Expect a whole lot more fireworks from Niners this year 

click to enlarge Weapon of choice: The 49ers brought in wide receiver Randy Moss to try and add a much-needed deep threat for quarterback Alex Smith. - US PRESSWIRE FILE PHOTO
  • Us presswire file photo
  • Weapon of choice: The 49ers brought in wide receiver Randy Moss to try and add a much-needed deep threat for quarterback Alex Smith.

Last year, 49ers fans were happily surprised by the team’s record. This year, the happy surprise will be a revitalized offense.

Jim Harbaugh and offensive coordinator Greg Roman kept the offense basic last season for two reasons: 1) Quarterback Alex Smith was learning a new system — again! and 2) The 49ers didn’t have the receivers to open up the field.

Both problems are behind them. Smith has learned the offense in half the time Harbaugh expected — one year instead of two years — which shouldn’t really be a shock. This is a young man who got through college in three years, instead of the usual four.

The 49ers also loaded up on receivers in the offseason, signing Randy Moss and Mario Manningham and drafting A.J. Jenkins. Ted Ginn Jr. has also looked much better in practice. The competition should also force drama queen Michael Crabtree to play to his potential.

Smith played well under the buttoned-down system last year, throwing for 17 touchdowns and only five interceptions. That was one of the big reasons the 49ers led everybody in turnover ratio, the one factor coaches continually cite when they’re asked about the keys to victory. Meanwhile, the defense was dominant, especially against the run.

The 49ers don’t have the option this season of relying on the defense to win, because they’ll be playing against the best quarterbacks in the league, starting with the Packers’ Aaron Rodgers in the opener in Green Bay.

The NFL has encouraged passing offenses with rules changes, to the point that the league is reminiscent of the AFL in its early years. Opponents will be filling the air with footballs, and it’s unreasonable to expect the 49ers’ secondary to shut down these passers.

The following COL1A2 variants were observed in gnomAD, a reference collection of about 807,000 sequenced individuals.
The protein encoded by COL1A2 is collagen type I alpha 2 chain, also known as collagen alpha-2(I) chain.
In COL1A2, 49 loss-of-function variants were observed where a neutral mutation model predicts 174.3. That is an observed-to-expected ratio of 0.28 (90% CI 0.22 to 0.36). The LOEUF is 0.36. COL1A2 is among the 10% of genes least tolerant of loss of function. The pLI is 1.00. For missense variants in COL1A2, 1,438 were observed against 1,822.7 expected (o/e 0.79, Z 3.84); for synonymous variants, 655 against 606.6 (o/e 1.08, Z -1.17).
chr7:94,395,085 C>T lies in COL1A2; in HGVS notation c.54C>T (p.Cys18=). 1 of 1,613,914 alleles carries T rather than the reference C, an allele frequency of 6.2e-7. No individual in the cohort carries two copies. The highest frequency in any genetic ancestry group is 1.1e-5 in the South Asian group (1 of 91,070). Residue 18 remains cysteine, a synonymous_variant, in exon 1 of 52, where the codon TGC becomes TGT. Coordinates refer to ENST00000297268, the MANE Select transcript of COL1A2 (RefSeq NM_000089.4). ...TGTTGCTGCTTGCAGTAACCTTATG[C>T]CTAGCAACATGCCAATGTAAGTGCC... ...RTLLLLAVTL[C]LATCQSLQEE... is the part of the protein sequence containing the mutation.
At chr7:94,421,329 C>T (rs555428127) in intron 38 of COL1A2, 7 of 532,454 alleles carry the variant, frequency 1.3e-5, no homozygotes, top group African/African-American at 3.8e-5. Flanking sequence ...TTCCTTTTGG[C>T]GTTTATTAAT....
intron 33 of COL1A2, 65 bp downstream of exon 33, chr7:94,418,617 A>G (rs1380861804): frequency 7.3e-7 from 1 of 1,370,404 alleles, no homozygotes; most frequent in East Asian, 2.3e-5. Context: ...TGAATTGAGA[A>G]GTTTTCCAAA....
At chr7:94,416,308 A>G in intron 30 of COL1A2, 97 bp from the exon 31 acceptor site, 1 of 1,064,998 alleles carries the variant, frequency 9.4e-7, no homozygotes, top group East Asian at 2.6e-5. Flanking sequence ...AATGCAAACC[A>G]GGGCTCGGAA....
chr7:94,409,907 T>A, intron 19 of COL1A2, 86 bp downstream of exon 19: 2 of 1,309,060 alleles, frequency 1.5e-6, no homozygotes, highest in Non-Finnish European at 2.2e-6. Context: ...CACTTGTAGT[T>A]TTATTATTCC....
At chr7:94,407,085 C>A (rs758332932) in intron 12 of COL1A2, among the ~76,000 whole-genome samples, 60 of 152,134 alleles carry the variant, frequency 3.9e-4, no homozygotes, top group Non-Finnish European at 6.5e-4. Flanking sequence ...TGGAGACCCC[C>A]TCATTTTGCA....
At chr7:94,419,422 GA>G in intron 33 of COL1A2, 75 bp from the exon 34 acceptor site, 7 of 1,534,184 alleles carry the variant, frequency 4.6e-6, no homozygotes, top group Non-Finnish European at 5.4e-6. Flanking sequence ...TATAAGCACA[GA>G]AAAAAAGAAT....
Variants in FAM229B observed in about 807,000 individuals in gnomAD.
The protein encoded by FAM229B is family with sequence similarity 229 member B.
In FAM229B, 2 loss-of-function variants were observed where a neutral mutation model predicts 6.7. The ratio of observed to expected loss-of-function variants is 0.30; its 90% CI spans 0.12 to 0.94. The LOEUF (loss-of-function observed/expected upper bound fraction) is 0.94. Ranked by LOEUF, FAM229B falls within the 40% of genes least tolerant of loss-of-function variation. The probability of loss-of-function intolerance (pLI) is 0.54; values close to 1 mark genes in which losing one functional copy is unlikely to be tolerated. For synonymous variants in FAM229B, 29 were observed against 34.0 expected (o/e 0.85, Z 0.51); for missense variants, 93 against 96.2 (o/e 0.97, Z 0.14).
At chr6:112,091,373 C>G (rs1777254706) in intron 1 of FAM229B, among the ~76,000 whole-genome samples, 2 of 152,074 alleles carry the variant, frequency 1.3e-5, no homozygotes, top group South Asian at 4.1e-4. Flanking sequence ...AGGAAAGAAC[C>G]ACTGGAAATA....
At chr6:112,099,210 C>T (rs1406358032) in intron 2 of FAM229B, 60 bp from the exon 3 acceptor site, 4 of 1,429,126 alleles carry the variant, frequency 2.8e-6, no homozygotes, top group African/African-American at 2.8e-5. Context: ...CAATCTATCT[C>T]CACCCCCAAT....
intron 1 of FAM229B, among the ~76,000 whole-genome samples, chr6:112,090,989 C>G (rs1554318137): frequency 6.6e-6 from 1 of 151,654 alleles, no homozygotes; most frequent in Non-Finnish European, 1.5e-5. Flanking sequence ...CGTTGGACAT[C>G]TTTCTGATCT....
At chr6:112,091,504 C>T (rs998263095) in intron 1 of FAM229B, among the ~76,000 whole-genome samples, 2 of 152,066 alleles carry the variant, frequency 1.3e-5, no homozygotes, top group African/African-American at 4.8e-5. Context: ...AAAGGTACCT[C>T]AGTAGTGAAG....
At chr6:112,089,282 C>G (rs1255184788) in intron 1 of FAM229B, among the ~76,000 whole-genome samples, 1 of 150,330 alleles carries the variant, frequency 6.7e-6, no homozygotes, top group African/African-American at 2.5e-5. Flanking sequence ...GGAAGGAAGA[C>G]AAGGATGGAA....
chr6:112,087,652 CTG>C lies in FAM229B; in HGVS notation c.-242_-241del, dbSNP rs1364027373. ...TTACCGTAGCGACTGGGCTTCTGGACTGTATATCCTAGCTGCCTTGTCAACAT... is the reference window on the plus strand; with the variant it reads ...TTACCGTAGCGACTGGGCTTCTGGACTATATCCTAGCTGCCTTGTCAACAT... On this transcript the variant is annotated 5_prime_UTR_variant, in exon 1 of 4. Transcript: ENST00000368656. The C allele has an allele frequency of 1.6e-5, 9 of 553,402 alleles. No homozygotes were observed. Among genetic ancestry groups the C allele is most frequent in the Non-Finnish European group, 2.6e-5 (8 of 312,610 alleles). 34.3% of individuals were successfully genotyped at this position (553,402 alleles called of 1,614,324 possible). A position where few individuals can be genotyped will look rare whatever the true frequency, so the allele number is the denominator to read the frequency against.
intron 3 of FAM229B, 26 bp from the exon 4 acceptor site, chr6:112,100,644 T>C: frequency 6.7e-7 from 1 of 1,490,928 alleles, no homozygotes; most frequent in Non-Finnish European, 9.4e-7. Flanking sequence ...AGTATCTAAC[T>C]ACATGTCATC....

So, there will be games when the 49ers simply have to have big offensive outputs to outscore their opponents.

I think they will be capable of this because I’ve seen enough of Smith in games and practice to know that he can make the necessary deep throws — if he has the receivers. Moss has been that kind of receiver throughout his career, when he’s motivated. He’s motivated now because he knows that if he doesn’t do the job, Harbaugh will ship him out. Even at 35, Moss has that gliding motion which makes his speed deceptive.

Manningham may be even more of a key because he’s only 26 and has a knack for coming up with key catches, as he did against the 49ers in the NFC Championship Game.

The Niners will also have more versatility in their running game, especially with rookie LaMichael James, who has blinding speed. He played in an unusual formation in college at Oregon, so he’s not going to be an every-down back, but he adds explosiveness backing up Frank Gore, the all-time leading rusher for the Niners, and second-year back Kendall Hunter, who is both a hard runner and an explosive one. When Brandon Jacobs comes back from an apparent minor injury, he can be important in the red zone.

Winning is always the goal, but when you can also be exciting ... that should be the 2012 49ers.

Glenn Dickey has been covering Bay Area sports since 1963 and also writes on www.GlennDickey.com. Email him at glenndickey36@gmail.com.

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Glenn Dickey

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